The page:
And finally................Fergus smiles in contentment now that a weight is off his shoulders!  One final comment and that is that we find that when the boys have been sheared they roll around a lot and rub themselves along the fences and against fence posts, obviously enjoying the feeling after their fleece is removed.  This does mean that they are more prone to nicks and scratches and we found today that Fidget has a small nick on his skin and flies were settling on it.  We sprayed it with maggot oil immediately then followed that up with the spray-on antiseptic and it now looks dry.  Although alpacas are not prone to Fly-Strike, it can happen so the presence of flies near the smallest wound requires attention. 

Sunday, 22 June 2014

Hose down time

We had a couple of sizzling days this week amidst the other wet days so we got the hose out for the boys.  All of them like having their bellies sprayed but Faro also enjoys the spray being played over the end of his nose.  It's obvious that he likes it because when you stop he nudges and pushes as if to say, "More please."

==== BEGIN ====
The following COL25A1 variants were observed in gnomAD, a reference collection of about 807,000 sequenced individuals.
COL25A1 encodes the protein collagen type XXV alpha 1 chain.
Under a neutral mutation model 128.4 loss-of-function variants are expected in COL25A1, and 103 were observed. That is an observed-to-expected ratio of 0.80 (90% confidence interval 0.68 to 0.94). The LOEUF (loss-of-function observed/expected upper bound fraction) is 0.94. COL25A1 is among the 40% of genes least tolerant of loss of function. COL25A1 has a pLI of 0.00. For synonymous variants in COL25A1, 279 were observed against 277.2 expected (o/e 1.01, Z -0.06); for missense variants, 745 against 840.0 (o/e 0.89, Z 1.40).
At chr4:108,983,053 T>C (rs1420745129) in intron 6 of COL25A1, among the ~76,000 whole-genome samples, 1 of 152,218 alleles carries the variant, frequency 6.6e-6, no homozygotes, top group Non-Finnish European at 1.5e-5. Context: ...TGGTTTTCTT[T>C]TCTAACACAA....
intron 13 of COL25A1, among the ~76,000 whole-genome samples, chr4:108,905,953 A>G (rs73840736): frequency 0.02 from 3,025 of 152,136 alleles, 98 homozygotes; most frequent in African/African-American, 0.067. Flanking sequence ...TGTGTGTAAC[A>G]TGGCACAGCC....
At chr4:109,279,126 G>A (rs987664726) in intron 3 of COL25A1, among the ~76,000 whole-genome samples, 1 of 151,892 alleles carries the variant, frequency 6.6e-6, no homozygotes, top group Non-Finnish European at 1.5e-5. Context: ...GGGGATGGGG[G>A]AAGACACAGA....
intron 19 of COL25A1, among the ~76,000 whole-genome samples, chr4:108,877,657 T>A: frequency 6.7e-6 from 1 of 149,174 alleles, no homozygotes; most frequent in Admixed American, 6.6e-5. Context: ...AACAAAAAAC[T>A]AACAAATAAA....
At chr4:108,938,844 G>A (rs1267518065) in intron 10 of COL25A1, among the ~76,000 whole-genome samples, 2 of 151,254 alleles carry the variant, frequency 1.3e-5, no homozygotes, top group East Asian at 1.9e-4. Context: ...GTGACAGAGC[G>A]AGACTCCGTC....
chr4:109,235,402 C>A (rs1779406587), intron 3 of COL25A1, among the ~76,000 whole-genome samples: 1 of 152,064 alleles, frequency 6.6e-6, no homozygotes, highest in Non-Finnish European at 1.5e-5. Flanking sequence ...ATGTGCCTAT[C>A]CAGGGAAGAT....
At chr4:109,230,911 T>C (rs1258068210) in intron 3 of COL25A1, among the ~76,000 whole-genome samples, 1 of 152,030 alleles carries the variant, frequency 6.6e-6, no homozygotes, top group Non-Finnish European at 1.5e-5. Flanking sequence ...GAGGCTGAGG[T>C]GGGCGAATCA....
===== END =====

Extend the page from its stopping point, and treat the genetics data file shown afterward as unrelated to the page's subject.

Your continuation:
Faro gets the treatment on his nose whilst Fergus in the foreground waits for his turn.   Shame about the sun hat boss, a hankie with the four corners tied would be more appropriate!
Faro (left), Fyta (middle) and Wee Eck get their noses sprayed.   Rufus is in the background watching, he likes his under-carriage and legs to be soaked but draws the line at get his nose sprayed!
There is the usual melee around the water tray when the hose is in use, with plenty of shoving and pushing going on.
Best pals Gaucho (left) and Gully just soaking up the rays.  Gaucho is standing in the water tray as usual.
Another day, another one of Fyta's tricks involving food bowls!  After he's finished his own supplement he'll pinch other bowls and carry them off or tip them over with his nose or foot - anything to get another morsel.
And finally - the Red Hot Pokers (Kniphofia) are all out around the garden attracting bees and birds alike.  These are growing next to the chicken compound and you'll probably be able to see Hunkey Dunkey and some of his hens in there.

Sunday, 15 June 2014

A quiet week

The boys have been grazing the new paddock this week and lying about when the sun comes out. The grass is pretty rough but they don't seem to mind, it was topped a few weeks ago but clearly needs doing again.  The herd grazes unconcerned whilst Faro (foreground) as always is alert and watching the humans!